Monday, January 14, 2013

Self-Sustaining Prophecy

The promise of a Savior is a self-sustaining prophecy.  That is, nobody needs to keep telling the story of what God has promised to do; by virtue of living in a fallen world, most of us are already hanging all over the idea that there has to be more than this.  You even make a whisper of Jesus - the answer to this - and people are ready to jump on board.  The mere idea that there's something, or Someone, greater out there is enough to keep the hope alive.

And yet, here we are as a people of faith, and it seems that we're still living in that long-awaited prophecy.  Living, waiting on the Messiah.  Told, believing that He has come so that He can be coming and that one day - one day - He will answer the prophetic longings in our hearts that are hanging on the hope that He is coming.

It's nice.  It's part of the God package, and it's nice.  But in a world hurting for faith, I don't think it does us any good to be people living on the promise of the Christ.  Nor does it do us any good to keep talking about it.  

What we need is to be people who live and talk about the Promise, Christ.

Not the prophecy, but the Prophet.  The one who came to speak truth into this life.  Not the one who showed up to show up that He will show up again.

We are a people who will always hold out hope for heaven.  We are a people who believe in that, regardless of the depth of our faith in that promise.  We're all waiting on that day when all this makes sense or at least it gets better and with the quiet suggestion that this thing is out there while we're looking in the mirror of this world, I don't think that hope is going away any time soon.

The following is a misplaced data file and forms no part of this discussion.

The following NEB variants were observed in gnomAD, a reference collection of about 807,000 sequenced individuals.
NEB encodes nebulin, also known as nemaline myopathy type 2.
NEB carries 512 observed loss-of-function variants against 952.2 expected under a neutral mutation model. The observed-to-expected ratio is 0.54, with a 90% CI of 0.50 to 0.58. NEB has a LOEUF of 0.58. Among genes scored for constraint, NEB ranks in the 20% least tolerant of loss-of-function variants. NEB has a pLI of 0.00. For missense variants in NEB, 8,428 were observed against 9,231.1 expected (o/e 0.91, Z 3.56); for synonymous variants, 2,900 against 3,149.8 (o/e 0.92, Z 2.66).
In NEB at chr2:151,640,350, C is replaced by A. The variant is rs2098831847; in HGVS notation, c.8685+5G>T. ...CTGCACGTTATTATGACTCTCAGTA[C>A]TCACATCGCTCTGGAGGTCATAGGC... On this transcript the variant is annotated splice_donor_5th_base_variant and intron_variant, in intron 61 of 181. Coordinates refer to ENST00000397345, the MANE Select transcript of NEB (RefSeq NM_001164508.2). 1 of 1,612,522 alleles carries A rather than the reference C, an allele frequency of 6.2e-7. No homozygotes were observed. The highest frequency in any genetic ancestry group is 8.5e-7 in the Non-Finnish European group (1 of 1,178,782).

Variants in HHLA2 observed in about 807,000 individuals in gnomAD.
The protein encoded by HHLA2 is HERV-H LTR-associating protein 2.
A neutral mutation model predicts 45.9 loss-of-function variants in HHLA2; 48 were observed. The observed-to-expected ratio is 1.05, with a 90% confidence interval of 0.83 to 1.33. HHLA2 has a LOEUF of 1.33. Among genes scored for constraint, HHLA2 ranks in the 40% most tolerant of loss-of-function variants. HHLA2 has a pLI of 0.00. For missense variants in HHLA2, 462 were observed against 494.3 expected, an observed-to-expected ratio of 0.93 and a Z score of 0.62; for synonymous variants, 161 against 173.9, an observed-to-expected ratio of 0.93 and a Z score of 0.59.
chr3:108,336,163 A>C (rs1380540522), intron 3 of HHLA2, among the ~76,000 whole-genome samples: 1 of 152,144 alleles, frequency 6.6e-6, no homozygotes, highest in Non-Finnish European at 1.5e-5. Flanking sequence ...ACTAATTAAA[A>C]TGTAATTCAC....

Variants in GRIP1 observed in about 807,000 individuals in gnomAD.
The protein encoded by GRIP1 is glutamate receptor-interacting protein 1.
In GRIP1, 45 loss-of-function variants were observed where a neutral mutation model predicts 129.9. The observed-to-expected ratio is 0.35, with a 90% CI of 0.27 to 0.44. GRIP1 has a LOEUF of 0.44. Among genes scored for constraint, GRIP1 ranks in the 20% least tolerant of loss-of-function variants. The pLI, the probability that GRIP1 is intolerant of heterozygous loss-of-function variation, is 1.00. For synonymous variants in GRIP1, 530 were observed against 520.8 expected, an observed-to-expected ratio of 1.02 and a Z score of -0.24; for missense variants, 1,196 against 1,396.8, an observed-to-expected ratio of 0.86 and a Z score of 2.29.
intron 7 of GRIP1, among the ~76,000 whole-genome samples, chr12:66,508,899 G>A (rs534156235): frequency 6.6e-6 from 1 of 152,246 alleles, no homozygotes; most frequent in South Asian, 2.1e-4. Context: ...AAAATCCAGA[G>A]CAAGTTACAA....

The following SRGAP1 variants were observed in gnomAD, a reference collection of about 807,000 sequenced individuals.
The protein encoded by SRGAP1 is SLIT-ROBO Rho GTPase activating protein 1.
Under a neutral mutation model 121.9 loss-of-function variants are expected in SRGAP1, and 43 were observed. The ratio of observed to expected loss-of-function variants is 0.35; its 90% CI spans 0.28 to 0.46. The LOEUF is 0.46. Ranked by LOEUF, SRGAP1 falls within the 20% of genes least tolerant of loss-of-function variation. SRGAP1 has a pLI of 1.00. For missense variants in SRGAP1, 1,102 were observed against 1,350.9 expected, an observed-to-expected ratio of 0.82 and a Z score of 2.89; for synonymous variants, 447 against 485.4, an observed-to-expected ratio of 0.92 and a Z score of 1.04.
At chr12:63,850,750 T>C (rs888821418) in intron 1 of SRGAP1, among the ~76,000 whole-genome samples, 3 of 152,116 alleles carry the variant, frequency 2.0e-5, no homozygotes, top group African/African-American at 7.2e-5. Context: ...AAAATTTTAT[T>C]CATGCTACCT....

But what about today?  What good is tomorrow's hope for heaven if today is pure hell?

Our world is looking for a God who is present here and now.  A God whose promise is real and tangible for these days, for these times.  Do you know what happens when you tell the world about a God who is coming tomorrow?  They think they have until tomorrow to believe in Him.

And we, the people who already believe in Him, spend more time believing in His tomorrow than crying out for Him today.  I want a God who answers me right now.  I want a God who is standing right beside me.  I want a God who holds my hand and touches my heart and tells me this is all going to be ok.  I want a God who brings the fullness of His power that even fathoms such a thing as Heaven and indwells that in my life today, to face the problems I'm facing, to answer the questions I'm asking, to be the God I need today.

I have that God.  You have that God.  But we're all just sitting here, content that this isn't Heaven but that tomorrow might be because of the promise of Christ.

Christ is the promise!

Christ, right now, is the promise.  For the next life, and for this one.  He is the presence of the promise that said God isn't just coming; He has come.  He is here.  He has been in this flesh and now He is in this flesh - mine and yours.

It's what makes His tomorrow worth believing in.  All religions have some promise as to what happens to us after we die.  Where we go.  What we do.  What becomes of what we were.  What we will be.  The difference in Christ is that through the Promise Himself, we have reason to believe we can believe in that promise.

If we are to be a people of faith, and if we are to make an impact in telling the story of Christ, we have to stop talking about a hope of Heaven (as nice and pleasant and perfectly promised as that is).  Hope itself tells that story; we're all ready to get out of here.

We have to live not off the promise but in the Promise.  We have to live believing God for today as much as we believe Him for tomorrow.  We have to tell the story of what God does now, now that prophecy is fulfilled.  Our hopes for tomorrow are solid.  It's today that I really need my God to speak to me.

The only reason for faith, the only valid reason to hold our tomorrows for Him, is because He holds us today.

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